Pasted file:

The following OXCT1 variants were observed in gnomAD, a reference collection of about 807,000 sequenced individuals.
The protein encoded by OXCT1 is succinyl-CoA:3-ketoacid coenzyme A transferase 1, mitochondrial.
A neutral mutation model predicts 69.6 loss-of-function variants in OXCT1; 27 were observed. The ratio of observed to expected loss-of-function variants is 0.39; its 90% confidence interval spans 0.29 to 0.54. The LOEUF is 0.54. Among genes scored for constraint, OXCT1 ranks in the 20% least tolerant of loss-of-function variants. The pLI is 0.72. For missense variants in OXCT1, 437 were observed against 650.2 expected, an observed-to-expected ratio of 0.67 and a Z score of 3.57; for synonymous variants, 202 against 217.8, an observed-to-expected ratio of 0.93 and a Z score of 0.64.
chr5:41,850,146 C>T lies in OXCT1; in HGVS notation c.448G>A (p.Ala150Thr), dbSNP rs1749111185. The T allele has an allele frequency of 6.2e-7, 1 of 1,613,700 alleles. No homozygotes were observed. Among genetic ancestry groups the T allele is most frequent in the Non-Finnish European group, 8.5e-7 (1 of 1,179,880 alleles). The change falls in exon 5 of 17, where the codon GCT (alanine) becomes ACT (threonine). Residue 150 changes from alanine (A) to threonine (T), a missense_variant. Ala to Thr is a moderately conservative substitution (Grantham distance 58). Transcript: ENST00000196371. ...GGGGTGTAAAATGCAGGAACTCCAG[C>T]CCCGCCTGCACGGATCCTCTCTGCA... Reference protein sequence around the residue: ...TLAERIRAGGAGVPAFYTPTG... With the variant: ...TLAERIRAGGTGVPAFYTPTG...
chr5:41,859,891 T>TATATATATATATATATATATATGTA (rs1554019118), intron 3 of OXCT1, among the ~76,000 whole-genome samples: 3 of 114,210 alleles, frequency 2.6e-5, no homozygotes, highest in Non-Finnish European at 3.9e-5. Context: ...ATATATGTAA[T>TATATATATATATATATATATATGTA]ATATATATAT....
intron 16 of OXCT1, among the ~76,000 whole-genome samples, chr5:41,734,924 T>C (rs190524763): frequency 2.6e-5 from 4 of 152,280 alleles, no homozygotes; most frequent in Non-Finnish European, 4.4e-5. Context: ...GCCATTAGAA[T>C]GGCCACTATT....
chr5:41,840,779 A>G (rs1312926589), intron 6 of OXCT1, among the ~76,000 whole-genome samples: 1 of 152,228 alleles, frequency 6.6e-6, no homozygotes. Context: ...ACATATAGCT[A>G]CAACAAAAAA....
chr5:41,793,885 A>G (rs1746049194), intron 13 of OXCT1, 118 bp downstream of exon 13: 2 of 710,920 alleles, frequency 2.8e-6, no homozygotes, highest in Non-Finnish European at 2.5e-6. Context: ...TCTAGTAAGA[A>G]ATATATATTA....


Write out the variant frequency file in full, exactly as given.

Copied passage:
The following OXCT1 variants were observed in gnomAD, a reference collection of about 807,000 sequenced individuals.
The protein encoded by OXCT1 is succinyl-CoA:3-ketoacid coenzyme A transferase 1, mitochondrial.
A neutral mutation model predicts 69.6 loss-of-function variants in OXCT1; 27 were observed. The ratio of observed to expected loss-of-function variants is 0.39; its 90% confidence interval spans 0.29 to 0.54. The LOEUF is 0.54. Among genes scored for constraint, OXCT1 ranks in the 20% least tolerant of loss-of-function variants. The pLI is 0.72. For missense variants in OXCT1, 437 were observed against 650.2 expected, an observed-to-expected ratio of 0.67 and a Z score of 3.57; for synonymous variants, 202 against 217.8, an observed-to-expected ratio of 0.93 and a Z score of 0.64.
chr5:41,850,146 C>T lies in OXCT1; in HGVS notation c.448G>A (p.Ala150Thr), dbSNP rs1749111185. The T allele has an allele frequency of 6.2e-7, 1 of 1,613,700 alleles. No homozygotes were observed. Among genetic ancestry groups the T allele is most frequent in the Non-Finnish European group, 8.5e-7 (1 of 1,179,880 alleles). The change falls in exon 5 of 17, where the codon GCT (alanine) becomes ACT (threonine). Residue 150 changes from alanine (A) to threonine (T), a missense_variant. Ala to Thr is a moderately conservative substitution (Grantham distance 58). Transcript: ENST00000196371. ...GGGGTGTAAAATGCAGGAACTCCAG[C>T]CCCGCCTGCACGGATCCTCTCTGCA... Reference protein sequence around the residue: ...TLAERIRAGGAGVPAFYTPTG... With the variant: ...TLAERIRAGGTGVPAFYTPTG...
chr5:41,859,891 T>TATATATATATATATATATATATGTA (rs1554019118), intron 3 of OXCT1, among the ~76,000 whole-genome samples: 3 of 114,210 alleles, frequency 2.6e-5, no homozygotes, highest in Non-Finnish European at 3.9e-5. Context: ...ATATATGTAA[T>TATATATATATATATATATATATGTA]ATATATATAT....
intron 16 of OXCT1, among the ~76,000 whole-genome samples, chr5:41,734,924 T>C (rs190524763): frequency 2.6e-5 from 4 of 152,280 alleles, no homozygotes; most frequent in Non-Finnish European, 4.4e-5. Context: ...GCCATTAGAA[T>C]GGCCACTATT....
chr5:41,840,779 A>G (rs1312926589), intron 6 of OXCT1, among the ~76,000 whole-genome samples: 1 of 152,228 alleles, frequency 6.6e-6, no homozygotes. Context: ...ACATATAGCT[A>G]CAACAAAAAA....
chr5:41,793,885 A>G (rs1746049194), intron 13 of OXCT1, 118 bp downstream of exon 13: 2 of 710,920 alleles, frequency 2.8e-6, no homozygotes, highest in Non-Finnish European at 2.5e-6. Context: ...TCTAGTAAGA[A>G]ATATATATTA....